“He is too!”

“How would you know, anyway?”

” ‘Cos mum said so! Said he was a work-alcoholic, that’s why he was never home!”

“You haven’t a fucking clue what you’re talking about…”

Ernest decided it was time to take control. “Right. You can begin by moderating your language, young lady, if you don’t mind. This is a respectable establishment.” The girls stared, guiltily. “Now, if I’m going to help you and be done by closing time, then we’ll start by introducing ourselves, shall we?” His tone was firm but noncommittal. An unusual job, this, but essentially just another two to finish off before the King Billy.

“I’m Tamsin, she’s Chloe.” The first girl re-asserted her authority by gesturing toward the other with a nod, and as she did so her long, straight hair fell right over her face. Chloe just stared ahead, sulkily, as Tamsin made her way confidently to the chair. “Don’t bother about her, she’s only a baby.” Cue more indignation. “Shut up you fat bitch! I’m twelve!” squeaked an angry voice from the back. Ernest stood transfixed, caught in shock and uncertainty. An unanswered question hung in the air, but not for long. “And I’m thirteen!” exclaimed Tamsin, proudly. He was simply flabbergasted. How could they be so tall, sassy, savvy and damned cocksure, but at such a tender age? A valid question, but one to which he knew he’d never get an answer. Before positioning the cape he stole a quick glance at his client’s youthful frame. Whatever else could be said about the girl, she certainly wasn’t overweight. Quite the opposite; the rather gaunt appearance and sallow complexion suggested an upbringing that was at best indifferent. Only beside her friend, who was almost anorexic, could she have appeared fat. Still, this was of little real concern to Ernest. After tying the cape, and ratcheting the chair up to its full height, he reached for the comb and ran it through the long brown tresses. “So, how would you like it?” he asked, absently. “I told ya. Short, like a guy.” The barber didn’t often have to ask his customers to be more specific, but this was different. And alas, in vain. “I dunno, you decide!” was the best response he could elicit from the plainly confused child. “Er, right, well – how about if I take it off the neck and maybe round the ears..” “Yeah, whatever. You’re the barber, ain’t ya?” He found such a dismissive attitude unsettling but decided it best to just get on with it.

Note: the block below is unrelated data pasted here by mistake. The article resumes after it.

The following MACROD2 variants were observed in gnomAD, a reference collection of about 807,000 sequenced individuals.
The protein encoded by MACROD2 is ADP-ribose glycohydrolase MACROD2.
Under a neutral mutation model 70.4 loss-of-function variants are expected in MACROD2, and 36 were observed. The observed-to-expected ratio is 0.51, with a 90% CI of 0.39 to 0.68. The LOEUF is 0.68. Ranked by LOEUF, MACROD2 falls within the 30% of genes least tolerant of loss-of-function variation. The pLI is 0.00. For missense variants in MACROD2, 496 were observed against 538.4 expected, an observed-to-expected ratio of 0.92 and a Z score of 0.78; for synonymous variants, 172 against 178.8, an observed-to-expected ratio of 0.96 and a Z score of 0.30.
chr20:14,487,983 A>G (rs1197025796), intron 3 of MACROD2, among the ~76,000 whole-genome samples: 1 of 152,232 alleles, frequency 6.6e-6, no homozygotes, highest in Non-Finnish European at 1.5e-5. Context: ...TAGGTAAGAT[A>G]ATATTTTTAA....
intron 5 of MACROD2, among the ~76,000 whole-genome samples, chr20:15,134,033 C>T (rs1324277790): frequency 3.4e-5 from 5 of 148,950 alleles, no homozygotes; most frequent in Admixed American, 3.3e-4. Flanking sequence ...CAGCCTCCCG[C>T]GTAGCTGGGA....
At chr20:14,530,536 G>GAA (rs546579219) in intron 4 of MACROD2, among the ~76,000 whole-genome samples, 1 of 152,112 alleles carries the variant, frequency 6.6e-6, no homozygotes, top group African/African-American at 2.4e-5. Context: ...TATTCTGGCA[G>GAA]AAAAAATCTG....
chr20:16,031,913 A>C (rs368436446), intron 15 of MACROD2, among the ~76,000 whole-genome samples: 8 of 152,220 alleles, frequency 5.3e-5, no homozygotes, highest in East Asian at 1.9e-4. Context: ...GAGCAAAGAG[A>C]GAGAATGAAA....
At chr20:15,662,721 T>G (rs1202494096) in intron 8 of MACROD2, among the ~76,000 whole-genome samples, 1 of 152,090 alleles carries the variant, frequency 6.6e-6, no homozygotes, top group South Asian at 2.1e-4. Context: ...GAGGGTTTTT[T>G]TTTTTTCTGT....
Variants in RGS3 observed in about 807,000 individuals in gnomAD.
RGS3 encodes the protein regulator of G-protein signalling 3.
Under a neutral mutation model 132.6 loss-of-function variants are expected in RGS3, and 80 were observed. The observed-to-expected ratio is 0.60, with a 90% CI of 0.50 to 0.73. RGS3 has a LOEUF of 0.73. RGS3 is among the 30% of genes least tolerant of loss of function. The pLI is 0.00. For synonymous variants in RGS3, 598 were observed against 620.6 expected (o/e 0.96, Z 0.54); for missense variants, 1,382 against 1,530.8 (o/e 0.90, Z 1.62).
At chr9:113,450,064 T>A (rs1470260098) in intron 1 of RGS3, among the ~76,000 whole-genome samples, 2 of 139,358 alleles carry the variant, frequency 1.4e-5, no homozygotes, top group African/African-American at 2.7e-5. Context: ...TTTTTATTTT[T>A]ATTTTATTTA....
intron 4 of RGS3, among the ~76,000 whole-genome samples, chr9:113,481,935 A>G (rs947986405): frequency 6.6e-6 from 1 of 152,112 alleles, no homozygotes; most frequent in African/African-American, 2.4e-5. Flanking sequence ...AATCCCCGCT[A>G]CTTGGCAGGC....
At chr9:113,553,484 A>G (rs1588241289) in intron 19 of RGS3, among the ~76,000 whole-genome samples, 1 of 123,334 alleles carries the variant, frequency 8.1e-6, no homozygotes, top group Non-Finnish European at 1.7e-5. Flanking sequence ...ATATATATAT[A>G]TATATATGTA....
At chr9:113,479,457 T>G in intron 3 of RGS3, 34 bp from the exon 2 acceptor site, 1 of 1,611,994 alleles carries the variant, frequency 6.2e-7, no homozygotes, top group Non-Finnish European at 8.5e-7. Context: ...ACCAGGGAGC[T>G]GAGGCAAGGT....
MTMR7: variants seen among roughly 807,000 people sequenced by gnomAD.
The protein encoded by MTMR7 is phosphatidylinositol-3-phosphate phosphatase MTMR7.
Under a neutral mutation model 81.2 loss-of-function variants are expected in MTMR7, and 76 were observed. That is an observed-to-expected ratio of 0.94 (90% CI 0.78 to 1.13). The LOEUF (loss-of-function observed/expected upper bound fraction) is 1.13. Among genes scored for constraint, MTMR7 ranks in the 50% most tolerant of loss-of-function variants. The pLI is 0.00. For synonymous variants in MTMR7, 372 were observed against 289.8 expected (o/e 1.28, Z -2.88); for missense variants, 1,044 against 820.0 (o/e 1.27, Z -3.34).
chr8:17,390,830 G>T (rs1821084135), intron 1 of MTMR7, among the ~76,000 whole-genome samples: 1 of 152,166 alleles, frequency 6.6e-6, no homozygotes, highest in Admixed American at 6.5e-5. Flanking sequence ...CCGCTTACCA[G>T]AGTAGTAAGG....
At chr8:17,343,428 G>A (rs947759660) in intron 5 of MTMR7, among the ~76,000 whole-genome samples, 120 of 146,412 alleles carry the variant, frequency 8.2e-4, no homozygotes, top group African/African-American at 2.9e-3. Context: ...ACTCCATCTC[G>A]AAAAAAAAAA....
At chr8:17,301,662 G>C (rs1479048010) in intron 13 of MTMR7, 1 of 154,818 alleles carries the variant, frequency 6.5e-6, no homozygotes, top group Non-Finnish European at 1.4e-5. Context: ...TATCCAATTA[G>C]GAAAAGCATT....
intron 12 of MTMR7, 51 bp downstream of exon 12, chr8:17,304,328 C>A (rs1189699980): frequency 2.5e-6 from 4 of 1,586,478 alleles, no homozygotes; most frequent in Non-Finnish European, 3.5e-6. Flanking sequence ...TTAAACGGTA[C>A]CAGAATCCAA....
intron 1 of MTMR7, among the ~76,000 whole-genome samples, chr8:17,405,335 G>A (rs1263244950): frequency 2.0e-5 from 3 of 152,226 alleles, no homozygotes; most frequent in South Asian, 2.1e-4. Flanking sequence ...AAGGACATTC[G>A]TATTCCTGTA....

How to start; that was the puzzle. Here sat a bright young girl with dark brown hair hanging almost to the floor, and she wants it short. If he cut it off at earlobe length then he’d still have the volume to contend with, so, literally thinking on his feet, Ernest reasoned it best to gather the hair into a tight ponytail, chop it off, and start from there. That way it would closer resemble a young lad’s unruly mop that he could then try and whip into shape. He proceeded to gather up the thick and surprisingly heavy mass of hair. “Ow! That hurts!” cried Tamsin after his ham-fisted efforts had jerked her head back for a third time. “Sorry, I guess I’m not used to this” was the best response he could muster. Finally, after all her hair had been scraped back and amassed into a bulging, foot-and-a half long pony, the unique haircut was about to begin.